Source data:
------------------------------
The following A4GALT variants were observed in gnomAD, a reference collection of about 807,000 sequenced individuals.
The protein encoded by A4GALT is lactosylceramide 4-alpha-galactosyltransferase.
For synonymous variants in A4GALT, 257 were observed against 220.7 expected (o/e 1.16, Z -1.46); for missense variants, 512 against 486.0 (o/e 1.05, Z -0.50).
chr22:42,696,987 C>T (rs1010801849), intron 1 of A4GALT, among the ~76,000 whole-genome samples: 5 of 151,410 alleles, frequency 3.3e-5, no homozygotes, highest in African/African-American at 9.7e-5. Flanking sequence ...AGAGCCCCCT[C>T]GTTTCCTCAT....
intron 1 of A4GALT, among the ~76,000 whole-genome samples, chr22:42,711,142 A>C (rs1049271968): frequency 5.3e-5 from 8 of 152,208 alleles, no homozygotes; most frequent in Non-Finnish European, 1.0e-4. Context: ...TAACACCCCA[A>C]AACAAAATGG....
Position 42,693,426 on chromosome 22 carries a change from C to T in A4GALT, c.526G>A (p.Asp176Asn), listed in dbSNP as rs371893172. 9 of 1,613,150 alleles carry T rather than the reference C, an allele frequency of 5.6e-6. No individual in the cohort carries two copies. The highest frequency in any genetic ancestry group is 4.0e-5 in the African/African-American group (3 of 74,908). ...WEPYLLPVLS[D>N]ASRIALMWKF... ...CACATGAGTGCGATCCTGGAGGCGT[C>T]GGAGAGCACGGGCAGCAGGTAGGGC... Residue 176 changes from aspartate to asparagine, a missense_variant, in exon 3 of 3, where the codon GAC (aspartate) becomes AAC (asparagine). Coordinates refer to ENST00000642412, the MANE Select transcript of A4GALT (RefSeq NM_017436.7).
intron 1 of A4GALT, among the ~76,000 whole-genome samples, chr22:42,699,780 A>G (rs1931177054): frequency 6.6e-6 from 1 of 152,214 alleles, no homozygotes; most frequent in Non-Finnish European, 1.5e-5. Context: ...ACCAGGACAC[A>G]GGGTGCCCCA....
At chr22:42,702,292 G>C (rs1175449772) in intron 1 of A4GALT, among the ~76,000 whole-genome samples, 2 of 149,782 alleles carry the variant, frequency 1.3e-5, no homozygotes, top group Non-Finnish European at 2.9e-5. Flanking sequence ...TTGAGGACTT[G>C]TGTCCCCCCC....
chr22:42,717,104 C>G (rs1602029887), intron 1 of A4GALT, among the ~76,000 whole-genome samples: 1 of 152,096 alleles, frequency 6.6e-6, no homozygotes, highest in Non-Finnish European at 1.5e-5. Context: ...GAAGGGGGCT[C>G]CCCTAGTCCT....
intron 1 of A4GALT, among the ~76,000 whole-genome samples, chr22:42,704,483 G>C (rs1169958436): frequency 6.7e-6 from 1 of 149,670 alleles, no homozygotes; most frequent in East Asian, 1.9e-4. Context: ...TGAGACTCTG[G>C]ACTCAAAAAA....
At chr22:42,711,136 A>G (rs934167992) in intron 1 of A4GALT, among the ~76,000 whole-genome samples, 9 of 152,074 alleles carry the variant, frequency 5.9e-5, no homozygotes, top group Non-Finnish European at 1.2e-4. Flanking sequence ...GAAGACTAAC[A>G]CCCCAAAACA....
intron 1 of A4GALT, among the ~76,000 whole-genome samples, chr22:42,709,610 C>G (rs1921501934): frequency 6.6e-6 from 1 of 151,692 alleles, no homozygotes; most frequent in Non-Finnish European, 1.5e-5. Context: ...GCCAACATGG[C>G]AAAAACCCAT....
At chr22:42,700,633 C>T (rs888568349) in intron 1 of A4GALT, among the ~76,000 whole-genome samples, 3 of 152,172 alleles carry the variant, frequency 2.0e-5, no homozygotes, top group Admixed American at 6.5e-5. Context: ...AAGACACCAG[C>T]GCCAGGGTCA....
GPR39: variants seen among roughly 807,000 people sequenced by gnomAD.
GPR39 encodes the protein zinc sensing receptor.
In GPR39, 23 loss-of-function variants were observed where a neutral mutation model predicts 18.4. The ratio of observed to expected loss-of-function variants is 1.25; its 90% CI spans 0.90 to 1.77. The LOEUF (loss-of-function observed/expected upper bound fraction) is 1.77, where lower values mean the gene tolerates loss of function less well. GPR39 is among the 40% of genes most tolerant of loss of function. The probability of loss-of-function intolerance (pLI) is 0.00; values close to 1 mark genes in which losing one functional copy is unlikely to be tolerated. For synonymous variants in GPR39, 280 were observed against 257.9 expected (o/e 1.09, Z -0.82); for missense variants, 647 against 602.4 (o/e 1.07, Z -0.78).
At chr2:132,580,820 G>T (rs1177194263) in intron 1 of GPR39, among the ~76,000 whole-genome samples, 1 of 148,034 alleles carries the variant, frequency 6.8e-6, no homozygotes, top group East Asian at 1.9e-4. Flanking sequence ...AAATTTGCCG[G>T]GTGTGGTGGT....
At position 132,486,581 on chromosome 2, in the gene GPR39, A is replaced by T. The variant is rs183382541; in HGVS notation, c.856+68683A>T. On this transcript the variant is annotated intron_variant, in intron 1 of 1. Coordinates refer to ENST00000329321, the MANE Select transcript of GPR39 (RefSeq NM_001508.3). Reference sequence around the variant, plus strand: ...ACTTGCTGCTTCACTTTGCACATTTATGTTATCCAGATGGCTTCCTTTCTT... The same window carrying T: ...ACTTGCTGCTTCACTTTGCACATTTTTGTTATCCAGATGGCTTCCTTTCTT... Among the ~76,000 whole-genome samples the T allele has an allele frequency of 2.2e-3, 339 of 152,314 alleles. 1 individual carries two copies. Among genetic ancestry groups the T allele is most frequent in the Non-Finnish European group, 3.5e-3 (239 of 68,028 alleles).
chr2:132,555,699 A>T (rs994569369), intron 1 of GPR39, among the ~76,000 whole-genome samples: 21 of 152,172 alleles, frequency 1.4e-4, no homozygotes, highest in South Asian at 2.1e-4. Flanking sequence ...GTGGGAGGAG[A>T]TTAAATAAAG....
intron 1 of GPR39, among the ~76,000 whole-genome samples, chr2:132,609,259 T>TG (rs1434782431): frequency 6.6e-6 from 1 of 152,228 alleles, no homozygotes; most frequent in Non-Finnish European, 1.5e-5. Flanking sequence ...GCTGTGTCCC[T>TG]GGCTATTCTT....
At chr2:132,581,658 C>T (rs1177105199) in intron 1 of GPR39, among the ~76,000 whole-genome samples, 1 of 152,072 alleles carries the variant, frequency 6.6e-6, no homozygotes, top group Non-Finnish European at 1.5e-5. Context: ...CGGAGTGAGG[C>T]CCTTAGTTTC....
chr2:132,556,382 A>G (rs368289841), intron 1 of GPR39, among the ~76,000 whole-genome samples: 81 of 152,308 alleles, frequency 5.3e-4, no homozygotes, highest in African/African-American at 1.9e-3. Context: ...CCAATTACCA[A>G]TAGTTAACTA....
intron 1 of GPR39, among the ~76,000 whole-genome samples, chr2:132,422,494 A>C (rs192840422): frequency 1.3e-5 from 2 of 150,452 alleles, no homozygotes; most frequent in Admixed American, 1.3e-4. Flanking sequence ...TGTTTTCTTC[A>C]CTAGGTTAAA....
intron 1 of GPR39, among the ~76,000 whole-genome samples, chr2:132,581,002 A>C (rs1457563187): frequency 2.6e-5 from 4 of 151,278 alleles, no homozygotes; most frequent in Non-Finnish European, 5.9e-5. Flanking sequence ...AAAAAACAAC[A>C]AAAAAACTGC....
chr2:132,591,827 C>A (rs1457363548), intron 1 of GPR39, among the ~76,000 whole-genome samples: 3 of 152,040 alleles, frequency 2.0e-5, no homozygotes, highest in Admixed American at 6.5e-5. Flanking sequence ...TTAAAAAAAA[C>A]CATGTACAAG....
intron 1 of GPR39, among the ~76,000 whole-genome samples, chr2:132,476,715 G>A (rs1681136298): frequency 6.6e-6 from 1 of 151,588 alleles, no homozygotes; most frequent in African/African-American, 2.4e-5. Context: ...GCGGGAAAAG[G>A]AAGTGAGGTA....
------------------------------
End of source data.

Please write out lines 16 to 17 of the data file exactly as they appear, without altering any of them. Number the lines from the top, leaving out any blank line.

In GPR39, 23 loss-of-function variants were observed where a neutral mutation model predicts 18.4. The ratio of observed to expected loss-of-function variants is 1.25; its 90% CI spans 0.90 to 1.77. The LOEUF (loss-of-function observed/expected upper bound fraction) is 1.77, where lower values mean the gene tolerates loss of function less well. GPR39 is among the 40% of genes most tolerant of loss of function. The probability of loss-of-function intolerance (pLI) is 0.00; values close to 1 mark genes in which losing one functional copy is unlikely to be tolerated. For synonymous variants in GPR39, 280 were observed against 257.9 expected (o/e 1.09, Z -0.82); for missense variants, 647 against 602.4 (o/e 1.07, Z -0.78).
At chr2:132,580,820 G>T (rs1177194263) in intron 1 of GPR39, among the ~76,000 whole-genome samples, 1 of 148,034 alleles carries the variant, frequency 6.8e-6, no homozygotes, top group East Asian at 1.9e-4. Flanking sequence ...AAATTTGCCG[G>T]GTGTGGTGGT....